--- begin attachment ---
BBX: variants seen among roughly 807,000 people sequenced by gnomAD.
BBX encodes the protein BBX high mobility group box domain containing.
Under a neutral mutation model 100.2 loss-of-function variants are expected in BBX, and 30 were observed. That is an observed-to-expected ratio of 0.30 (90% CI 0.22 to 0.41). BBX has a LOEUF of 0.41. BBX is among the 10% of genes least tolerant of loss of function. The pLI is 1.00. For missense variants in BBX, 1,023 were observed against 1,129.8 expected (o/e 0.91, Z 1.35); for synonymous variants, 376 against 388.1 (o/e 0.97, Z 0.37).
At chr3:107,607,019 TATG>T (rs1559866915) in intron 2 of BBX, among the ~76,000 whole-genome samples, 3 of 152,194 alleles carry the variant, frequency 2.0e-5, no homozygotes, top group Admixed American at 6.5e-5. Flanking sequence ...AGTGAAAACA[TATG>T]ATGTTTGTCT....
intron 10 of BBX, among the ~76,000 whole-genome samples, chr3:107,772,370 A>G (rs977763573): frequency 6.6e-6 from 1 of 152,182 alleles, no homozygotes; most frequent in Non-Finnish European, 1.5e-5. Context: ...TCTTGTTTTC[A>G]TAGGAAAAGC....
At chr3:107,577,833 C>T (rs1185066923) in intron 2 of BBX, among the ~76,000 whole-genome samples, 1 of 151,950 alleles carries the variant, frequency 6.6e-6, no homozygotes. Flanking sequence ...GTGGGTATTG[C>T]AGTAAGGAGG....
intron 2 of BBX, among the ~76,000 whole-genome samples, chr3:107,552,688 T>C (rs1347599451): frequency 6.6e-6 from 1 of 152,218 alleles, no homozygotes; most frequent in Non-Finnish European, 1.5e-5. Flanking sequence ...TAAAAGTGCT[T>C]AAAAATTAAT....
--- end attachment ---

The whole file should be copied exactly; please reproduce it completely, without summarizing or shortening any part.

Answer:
BBX: variants seen among roughly 807,000 people sequenced by gnomAD.
BBX encodes the protein BBX high mobility group box domain containing.
Under a neutral mutation model 100.2 loss-of-function variants are expected in BBX, and 30 were observed. That is an observed-to-expected ratio of 0.30 (90% CI 0.22 to 0.41). BBX has a LOEUF of 0.41. BBX is among the 10% of genes least tolerant of loss of function. The pLI is 1.00. For missense variants in BBX, 1,023 were observed against 1,129.8 expected (o/e 0.91, Z 1.35); for synonymous variants, 376 against 388.1 (o/e 0.97, Z 0.37).
At chr3:107,607,019 TATG>T (rs1559866915) in intron 2 of BBX, among the ~76,000 whole-genome samples, 3 of 152,194 alleles carry the variant, frequency 2.0e-5, no homozygotes, top group Admixed American at 6.5e-5. Flanking sequence ...AGTGAAAACA[TATG>T]ATGTTTGTCT....
intron 10 of BBX, among the ~76,000 whole-genome samples, chr3:107,772,370 A>G (rs977763573): frequency 6.6e-6 from 1 of 152,182 alleles, no homozygotes; most frequent in Non-Finnish European, 1.5e-5. Context: ...TCTTGTTTTC[A>G]TAGGAAAAGC....
At chr3:107,577,833 C>T (rs1185066923) in intron 2 of BBX, among the ~76,000 whole-genome samples, 1 of 151,950 alleles carries the variant, frequency 6.6e-6, no homozygotes. Flanking sequence ...GTGGGTATTG[C>T]AGTAAGGAGG....
intron 2 of BBX, among the ~76,000 whole-genome samples, chr3:107,552,688 T>C (rs1347599451): frequency 6.6e-6 from 1 of 152,218 alleles, no homozygotes; most frequent in Non-Finnish European, 1.5e-5. Flanking sequence ...TAAAAGTGCT[T>C]AAAAATTAAT....